The Governance of the Global Factory

Thursday, 2 July 2015: 8:30 AM-10:00 AM
TW1.2.01 (Tower One)
Roger Strange, University of Sussex, Brighton, United Kingdom
Recent years have witnessed major changes in the global location of economic activity, with the emerging economies assuming greater shares relative to the advanced economies. These developments have led many authors to refer to the idea of the global factory. For example, Gereffi (1989) used the term global factory to represent “the emergence of a global manufacturing system in which production capacity is dispersed to an unprecedented number of developing as well as industrialized countries”. In contrast, the Grunwald & Flamm (1985) conception of the global factory focused on the growth of foreign assembly facilities, drawing upon earlier theoretical ideas by Raymond Vernon (1966, 1979) on the product life cycle. A third possibility is that this offshoring of activities had been accompanied by an outsourcing (externalization) of some of the value chain activities to independent suppliers (Buckley & Ghauri, 2004). Such externalization involved not only a physical ‘slicing-up’ of the value chain, but also a change in its ownership.

Each of these three models of the global factory envisages a greater global dispersion of economic activity, but each makes different assumptions about who maintains control over these dispersed activities – or, to put it another way, each makes different assumptions about the governance of the global factory. These control/governance issues have profound implications for the capture of the profits/rents earned in global value chains (GVCs), and hence for the global distribution of income. On the one hand, if the shifts in the location of activity reflect the rise in the global importance of firms owned and controlled in emerging/developing economies, then it is likely that these economies will grow in absolute GDP terms, also relative to other economies, and in terms of living standards (GDP per capita). On the other hand, if the shifts in the location of activity reflect offshoring and/or outsourcing initiatives by firms from the advanced economies, then both the absolute and relative impacts upon GDP in the host economies will be smaller and there will be smaller rises in living standards.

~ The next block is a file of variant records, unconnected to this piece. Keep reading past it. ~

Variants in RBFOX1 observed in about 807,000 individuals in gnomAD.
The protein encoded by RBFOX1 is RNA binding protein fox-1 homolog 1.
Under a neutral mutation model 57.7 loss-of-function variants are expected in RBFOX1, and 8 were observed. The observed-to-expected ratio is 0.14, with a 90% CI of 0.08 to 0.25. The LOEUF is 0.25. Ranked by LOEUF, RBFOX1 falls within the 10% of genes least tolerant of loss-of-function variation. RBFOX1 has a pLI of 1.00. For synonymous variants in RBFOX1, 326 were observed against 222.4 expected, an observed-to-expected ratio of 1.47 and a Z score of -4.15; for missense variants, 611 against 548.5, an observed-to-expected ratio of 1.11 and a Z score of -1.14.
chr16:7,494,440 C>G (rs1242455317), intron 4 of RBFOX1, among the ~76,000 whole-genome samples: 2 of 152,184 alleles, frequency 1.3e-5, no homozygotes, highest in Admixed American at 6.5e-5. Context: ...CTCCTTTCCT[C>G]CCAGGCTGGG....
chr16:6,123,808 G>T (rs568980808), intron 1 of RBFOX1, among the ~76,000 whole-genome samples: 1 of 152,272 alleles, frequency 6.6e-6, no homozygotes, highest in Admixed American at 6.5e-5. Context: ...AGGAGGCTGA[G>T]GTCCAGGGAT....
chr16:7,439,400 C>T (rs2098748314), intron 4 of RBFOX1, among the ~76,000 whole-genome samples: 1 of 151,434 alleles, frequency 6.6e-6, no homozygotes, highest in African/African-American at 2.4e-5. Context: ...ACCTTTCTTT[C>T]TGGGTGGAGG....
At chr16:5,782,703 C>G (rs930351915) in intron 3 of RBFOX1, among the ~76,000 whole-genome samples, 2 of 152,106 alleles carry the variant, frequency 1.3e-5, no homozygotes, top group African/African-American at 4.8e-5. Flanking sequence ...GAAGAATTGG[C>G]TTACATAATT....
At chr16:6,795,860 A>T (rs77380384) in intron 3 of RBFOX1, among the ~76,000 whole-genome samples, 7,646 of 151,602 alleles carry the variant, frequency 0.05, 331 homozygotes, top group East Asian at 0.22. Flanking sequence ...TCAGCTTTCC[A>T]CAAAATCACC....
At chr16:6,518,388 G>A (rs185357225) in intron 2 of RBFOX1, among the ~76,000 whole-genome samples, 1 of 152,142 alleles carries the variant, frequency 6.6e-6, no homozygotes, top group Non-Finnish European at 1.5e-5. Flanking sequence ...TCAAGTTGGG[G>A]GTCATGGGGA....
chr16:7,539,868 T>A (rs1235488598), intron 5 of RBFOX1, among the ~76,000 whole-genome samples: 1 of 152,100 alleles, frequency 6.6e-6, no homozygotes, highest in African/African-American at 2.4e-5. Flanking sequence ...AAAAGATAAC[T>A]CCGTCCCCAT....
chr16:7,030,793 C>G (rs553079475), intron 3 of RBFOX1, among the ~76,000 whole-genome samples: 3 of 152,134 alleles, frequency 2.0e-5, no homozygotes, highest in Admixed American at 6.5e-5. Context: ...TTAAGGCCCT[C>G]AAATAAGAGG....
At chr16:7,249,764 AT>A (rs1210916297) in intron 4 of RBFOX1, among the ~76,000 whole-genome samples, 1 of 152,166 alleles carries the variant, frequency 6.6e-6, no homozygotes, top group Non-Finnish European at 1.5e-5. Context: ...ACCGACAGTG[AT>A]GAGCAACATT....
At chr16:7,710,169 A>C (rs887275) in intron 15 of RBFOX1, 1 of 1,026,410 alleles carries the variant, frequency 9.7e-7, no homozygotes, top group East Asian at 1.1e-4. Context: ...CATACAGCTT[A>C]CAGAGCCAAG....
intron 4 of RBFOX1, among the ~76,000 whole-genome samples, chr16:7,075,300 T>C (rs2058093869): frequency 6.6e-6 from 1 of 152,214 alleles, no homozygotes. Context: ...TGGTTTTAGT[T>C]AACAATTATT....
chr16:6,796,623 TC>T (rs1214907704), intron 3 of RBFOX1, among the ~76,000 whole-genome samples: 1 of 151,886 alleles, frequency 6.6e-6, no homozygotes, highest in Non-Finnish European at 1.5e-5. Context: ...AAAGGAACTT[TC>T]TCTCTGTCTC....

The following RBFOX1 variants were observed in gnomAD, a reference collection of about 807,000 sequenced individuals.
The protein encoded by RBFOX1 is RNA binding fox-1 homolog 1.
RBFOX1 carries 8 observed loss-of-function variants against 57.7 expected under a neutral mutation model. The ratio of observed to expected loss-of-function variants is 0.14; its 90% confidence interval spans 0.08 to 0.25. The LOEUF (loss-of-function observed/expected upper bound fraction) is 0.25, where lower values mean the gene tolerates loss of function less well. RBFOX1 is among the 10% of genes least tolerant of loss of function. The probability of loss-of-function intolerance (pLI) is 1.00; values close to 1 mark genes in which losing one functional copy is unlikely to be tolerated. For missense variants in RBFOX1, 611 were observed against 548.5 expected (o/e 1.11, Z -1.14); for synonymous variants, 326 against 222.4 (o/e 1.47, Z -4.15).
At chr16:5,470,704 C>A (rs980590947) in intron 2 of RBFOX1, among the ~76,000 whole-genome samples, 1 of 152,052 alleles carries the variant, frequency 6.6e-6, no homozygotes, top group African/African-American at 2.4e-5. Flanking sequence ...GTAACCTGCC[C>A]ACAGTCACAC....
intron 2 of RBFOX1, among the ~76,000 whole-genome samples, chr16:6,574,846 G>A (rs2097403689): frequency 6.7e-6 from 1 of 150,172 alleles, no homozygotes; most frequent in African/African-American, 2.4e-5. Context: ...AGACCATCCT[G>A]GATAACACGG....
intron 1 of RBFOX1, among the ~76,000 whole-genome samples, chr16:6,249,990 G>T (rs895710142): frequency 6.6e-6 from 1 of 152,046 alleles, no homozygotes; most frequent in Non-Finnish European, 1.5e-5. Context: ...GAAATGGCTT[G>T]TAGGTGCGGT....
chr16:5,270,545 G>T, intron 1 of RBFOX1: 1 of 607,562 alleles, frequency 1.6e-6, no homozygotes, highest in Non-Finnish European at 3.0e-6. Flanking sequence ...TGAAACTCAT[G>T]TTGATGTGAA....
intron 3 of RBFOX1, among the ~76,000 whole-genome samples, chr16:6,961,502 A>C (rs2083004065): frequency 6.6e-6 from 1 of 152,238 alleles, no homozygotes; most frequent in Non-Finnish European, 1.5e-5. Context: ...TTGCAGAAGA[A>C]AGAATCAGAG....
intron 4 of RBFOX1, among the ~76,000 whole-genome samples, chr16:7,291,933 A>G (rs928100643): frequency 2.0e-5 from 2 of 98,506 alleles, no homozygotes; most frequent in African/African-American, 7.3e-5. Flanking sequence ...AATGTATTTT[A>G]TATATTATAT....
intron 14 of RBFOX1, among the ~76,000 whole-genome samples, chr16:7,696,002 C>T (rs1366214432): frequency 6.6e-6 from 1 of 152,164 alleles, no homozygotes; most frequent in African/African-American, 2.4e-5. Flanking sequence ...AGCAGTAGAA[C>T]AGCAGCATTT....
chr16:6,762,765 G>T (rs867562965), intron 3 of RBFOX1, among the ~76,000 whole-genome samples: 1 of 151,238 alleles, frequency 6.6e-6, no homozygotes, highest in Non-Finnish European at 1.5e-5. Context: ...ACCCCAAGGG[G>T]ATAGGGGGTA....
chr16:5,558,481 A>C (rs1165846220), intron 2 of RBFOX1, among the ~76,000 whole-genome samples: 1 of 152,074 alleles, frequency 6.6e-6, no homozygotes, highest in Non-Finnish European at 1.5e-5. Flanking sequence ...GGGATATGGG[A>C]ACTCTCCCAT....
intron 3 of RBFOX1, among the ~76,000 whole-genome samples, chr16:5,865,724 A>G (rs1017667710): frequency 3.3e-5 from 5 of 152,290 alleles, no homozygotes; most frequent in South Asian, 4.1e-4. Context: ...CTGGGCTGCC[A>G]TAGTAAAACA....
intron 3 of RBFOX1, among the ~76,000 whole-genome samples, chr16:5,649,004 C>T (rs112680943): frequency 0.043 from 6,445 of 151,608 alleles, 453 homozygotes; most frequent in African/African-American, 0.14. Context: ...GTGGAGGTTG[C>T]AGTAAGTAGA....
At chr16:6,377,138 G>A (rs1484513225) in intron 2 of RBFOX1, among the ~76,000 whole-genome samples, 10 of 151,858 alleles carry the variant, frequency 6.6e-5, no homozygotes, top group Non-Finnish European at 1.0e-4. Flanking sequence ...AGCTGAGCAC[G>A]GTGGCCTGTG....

The key questions addressed in this presentation are thus which of these three models of the global factory are most important in practice, and who has benefited (and, in particular who has benefited most) from the emergence of the global factory? We consider how the governance of the global factory affects the appropriation of the value-added within spatially-dispersed GVCs, and hence the distribution of income within the world income. Such income distribution issues are clearly important in their own right, but they are also a potential trigger for policy initiatives undertaken by governments eager to secure greater value capture from GVC participation and which, in turn, impact upon MNE strategies (UNCTAD, 2013).